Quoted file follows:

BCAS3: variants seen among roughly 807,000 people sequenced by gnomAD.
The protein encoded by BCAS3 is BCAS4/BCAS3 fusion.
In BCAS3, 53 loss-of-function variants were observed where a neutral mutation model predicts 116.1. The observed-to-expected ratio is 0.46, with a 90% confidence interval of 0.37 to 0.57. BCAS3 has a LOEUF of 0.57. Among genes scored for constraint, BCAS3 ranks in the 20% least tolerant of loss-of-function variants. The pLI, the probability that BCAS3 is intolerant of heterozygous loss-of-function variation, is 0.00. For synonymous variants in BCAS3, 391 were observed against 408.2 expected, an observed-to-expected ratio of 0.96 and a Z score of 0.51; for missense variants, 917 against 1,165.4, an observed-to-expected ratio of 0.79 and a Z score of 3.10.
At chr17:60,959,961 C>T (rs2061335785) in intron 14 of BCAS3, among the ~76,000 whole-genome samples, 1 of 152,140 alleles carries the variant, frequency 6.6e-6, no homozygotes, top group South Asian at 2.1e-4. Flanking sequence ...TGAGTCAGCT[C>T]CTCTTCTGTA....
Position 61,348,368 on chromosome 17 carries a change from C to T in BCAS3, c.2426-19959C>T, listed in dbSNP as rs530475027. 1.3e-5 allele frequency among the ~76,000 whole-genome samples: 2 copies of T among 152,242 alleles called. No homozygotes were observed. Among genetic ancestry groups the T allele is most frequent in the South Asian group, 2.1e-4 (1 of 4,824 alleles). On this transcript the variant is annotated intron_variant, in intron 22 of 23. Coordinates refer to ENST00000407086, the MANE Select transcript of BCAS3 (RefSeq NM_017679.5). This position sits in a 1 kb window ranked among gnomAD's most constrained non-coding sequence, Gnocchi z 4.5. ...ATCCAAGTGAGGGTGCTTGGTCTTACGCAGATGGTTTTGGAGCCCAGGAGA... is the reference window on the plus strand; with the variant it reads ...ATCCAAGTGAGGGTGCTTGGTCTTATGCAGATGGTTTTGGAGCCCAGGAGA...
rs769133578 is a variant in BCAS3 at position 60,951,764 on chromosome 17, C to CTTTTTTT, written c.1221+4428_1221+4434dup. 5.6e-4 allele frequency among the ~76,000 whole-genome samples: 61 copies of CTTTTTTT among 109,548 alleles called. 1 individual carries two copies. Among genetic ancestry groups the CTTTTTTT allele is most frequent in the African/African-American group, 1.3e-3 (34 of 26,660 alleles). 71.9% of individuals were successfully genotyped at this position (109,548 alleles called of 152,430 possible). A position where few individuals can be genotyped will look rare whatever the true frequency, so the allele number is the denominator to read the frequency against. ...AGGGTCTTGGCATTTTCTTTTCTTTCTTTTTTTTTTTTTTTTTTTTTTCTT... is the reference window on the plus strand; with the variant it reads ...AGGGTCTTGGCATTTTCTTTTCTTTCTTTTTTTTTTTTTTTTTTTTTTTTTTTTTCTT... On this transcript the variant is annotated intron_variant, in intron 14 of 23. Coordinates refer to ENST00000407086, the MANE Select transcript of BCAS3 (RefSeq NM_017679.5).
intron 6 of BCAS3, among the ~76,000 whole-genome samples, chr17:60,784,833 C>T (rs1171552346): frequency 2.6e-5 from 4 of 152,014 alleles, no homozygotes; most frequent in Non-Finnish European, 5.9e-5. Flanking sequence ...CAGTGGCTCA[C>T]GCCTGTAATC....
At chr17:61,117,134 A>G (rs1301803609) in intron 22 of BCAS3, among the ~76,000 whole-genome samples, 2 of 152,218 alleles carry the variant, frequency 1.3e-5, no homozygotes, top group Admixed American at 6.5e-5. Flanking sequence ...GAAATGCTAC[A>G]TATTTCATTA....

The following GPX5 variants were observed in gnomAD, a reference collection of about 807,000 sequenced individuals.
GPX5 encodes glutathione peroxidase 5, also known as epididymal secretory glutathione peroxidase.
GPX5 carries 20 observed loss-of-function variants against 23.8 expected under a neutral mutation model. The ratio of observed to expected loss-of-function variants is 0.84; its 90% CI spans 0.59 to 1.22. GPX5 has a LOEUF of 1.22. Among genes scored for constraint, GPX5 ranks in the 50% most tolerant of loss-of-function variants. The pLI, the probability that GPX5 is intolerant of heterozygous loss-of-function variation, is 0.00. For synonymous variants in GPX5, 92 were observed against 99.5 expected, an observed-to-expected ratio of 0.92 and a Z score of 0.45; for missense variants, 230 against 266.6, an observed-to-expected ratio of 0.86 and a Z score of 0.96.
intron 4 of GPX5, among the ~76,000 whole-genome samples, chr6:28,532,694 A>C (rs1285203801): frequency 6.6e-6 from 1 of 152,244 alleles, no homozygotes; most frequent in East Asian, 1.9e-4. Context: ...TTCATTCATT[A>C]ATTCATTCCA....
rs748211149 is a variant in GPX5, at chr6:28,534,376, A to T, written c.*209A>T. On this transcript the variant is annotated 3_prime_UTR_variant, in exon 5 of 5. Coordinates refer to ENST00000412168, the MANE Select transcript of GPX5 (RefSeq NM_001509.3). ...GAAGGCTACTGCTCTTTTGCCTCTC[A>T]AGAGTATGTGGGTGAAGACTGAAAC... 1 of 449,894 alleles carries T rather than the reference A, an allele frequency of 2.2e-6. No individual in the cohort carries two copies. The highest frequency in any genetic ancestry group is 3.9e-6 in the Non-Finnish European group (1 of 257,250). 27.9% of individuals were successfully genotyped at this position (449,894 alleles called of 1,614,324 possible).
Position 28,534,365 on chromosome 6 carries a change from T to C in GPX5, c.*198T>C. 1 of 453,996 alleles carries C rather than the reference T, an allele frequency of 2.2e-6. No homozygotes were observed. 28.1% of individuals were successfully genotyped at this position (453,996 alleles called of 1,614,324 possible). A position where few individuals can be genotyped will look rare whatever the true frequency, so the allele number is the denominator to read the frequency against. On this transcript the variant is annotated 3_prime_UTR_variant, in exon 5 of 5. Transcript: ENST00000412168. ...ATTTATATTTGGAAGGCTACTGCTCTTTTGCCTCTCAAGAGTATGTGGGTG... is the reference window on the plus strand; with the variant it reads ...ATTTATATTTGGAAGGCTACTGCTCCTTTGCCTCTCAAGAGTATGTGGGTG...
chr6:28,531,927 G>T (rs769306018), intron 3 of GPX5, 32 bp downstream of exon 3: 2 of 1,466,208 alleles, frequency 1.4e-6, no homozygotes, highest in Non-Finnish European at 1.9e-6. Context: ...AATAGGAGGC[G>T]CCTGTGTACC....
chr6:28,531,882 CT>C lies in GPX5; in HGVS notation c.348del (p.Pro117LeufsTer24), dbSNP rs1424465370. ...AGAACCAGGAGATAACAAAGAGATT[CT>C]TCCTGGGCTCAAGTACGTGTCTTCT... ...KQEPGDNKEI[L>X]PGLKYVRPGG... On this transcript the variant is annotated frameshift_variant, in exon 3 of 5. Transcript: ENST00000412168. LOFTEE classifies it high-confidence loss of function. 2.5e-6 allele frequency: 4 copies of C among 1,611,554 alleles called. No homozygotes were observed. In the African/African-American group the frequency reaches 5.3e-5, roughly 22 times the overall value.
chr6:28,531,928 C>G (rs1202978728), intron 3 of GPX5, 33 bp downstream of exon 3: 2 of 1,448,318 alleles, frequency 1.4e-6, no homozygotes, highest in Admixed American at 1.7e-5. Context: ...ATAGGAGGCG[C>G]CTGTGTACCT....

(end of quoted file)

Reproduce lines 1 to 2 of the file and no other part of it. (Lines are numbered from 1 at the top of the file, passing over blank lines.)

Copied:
BCAS3: variants seen among roughly 807,000 people sequenced by gnomAD.
The protein encoded by BCAS3 is BCAS4/BCAS3 fusion.